Saturday morning, my folks and I spent the morning at a bookfair sponsored by our local library association. I can’t think of a better way to spend a Saturday, and all three of us came away with a tote-bag full of books each. Mine were half 1940s mystery novels. In addition, I’m working on making a t-shirt design featuring literary detectives. Beyond that, the novel I’m working on is a mystery. Needless to say, I kind of have detectives on the brain, so I thought it would be fun to list some of the qualities of a great detective(coincidentally using most of the detectives that are going on the shirt).
1. The Hardy Boys~A great detective is likeable.
In my younger years, these guys were my favorite detectives. They were smart, capable teenagers who got to go off on adventures, crack amazing cases, and had an uncanny ability to recover from getting conked on the head at least twice every novel. They got to do essentially everything the average kid wants to do with his/her life.
I know that an anti-hero works just as well or better than the classic heroic crime-solver in many cases, but even the worst reprobate of a detective needs to have some quality that your audience can love.
2. Nero Wolfe~A great detective is unusual.
Rex Stout’s mysteries are one of our family’s primary sources of road trip entertainment(audiobooks–relax, no one was reading while driving). Nero Wolfe has always been a favorite, mostly because there’s no one else even remotely like him. He’s a brilliant private detective who never leaves his brownstone, collects all evidence and clues through his hired help, has an immense collection of orchids which is matched only by his impressive poundage, and is easily the most snarky, disagreeable, and cranky character I’ve ever read. And yet, for some reason, he’s still likeable.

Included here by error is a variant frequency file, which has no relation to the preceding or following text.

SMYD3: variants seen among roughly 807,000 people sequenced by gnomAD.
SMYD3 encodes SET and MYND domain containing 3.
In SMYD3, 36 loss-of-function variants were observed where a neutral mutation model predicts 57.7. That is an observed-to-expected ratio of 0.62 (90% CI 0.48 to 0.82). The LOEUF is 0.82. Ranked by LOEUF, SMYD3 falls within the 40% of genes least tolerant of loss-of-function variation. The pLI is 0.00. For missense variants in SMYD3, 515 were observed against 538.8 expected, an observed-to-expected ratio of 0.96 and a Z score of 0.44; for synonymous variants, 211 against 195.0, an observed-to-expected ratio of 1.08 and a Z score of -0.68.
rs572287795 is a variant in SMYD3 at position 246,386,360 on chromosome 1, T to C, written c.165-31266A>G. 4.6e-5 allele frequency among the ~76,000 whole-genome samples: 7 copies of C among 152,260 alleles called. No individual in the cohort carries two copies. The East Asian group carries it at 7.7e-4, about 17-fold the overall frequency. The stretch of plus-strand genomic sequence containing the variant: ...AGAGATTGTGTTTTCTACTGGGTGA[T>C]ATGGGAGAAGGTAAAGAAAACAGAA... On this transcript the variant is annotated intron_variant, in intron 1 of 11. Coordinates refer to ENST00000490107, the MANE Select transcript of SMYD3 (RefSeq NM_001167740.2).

One of the points I keep coming across for writing good mysteries is that you must always have a hook, and I can actually agree with the general wisdom for once. Without some sort of unusual quality, most detective protagonists fall flat and lose readers within pages of their introduction. The quality itself doesn’t matter; the more creative and off-the-wall, the better, as long as you can make the reader believe in it–and your character.
3. The Saint~A great detective is himself a mystery.
I confess that I have not actually read any of the actual books featuring Simon Templar. They tend to be rather hard to find, unfortunately. All I’ve been exposed to is the 60’s TV show, but I did love that. Simon had a definite air of mystery in whatever he did, and I found that intriguing. It helped keep me hooked on the show.
Obviously, this isn’t a hard and fast rule (since when is anything in writing?), but almost all of the best written detectives I’ve come across have something about them that the audience doesn’t know, but is dying to find out. A secretive past, a shady past-time, a great tragedy from long ago–the possibilities are endless and they can add a tantalizing depth to your characters.
4. Sherlock Holmes ~ A great detective is versatile.
Do I even need to explain Sherlock? He’s fantastic, he was one of the original fictional detectives, he’s one of my fictional crushes, HE IS THE ULTIMATE DETECTIVE!
And he’s also an expert swordsman, boxer, master of disguise, chemist, and he writes about various types of ash in his spare time. See what I mean about versatility?
Having your detective specialize is great. It helps pinpoint your target audience, determine facets of the protagonist’s character, and just generally helps with the details of writing a decent character. But don’t let him/her get pigeonholed into one specialty and never leave it. A forensic scientist at the top of her field is great, but make sure she has skills outside of categorizing stab wounds and classifying the stages of rigor mortis.
5. Hercule Poirot ~ A great detective is brilliant.
Hercule is one of my favorite characters of all time. He was sophisticated, endearingly arrogant, unintentionally funny, and, above all, brilliant. Kinda reminds me of a cat I had once. He was both intellectually superior and common-sense smart. He knew both facts and human nature. That’s what made him dangerous as a detective and awesome to read.
Every character, detective or not, should be brilliant in his or her own way. There are far more varieties of brilliance than garden-variety smarts. Some are people-brilliant, some are book-brilliant, others are nature-brilliant, others still tech-brilliant. Whatever their area, make sure your detective shines.
Hey, guys! I’ve been fiddling with the blog again (now you’ll know why, if it suddenly decides to go haywire). Please note the new suggestion page and feel free to add one!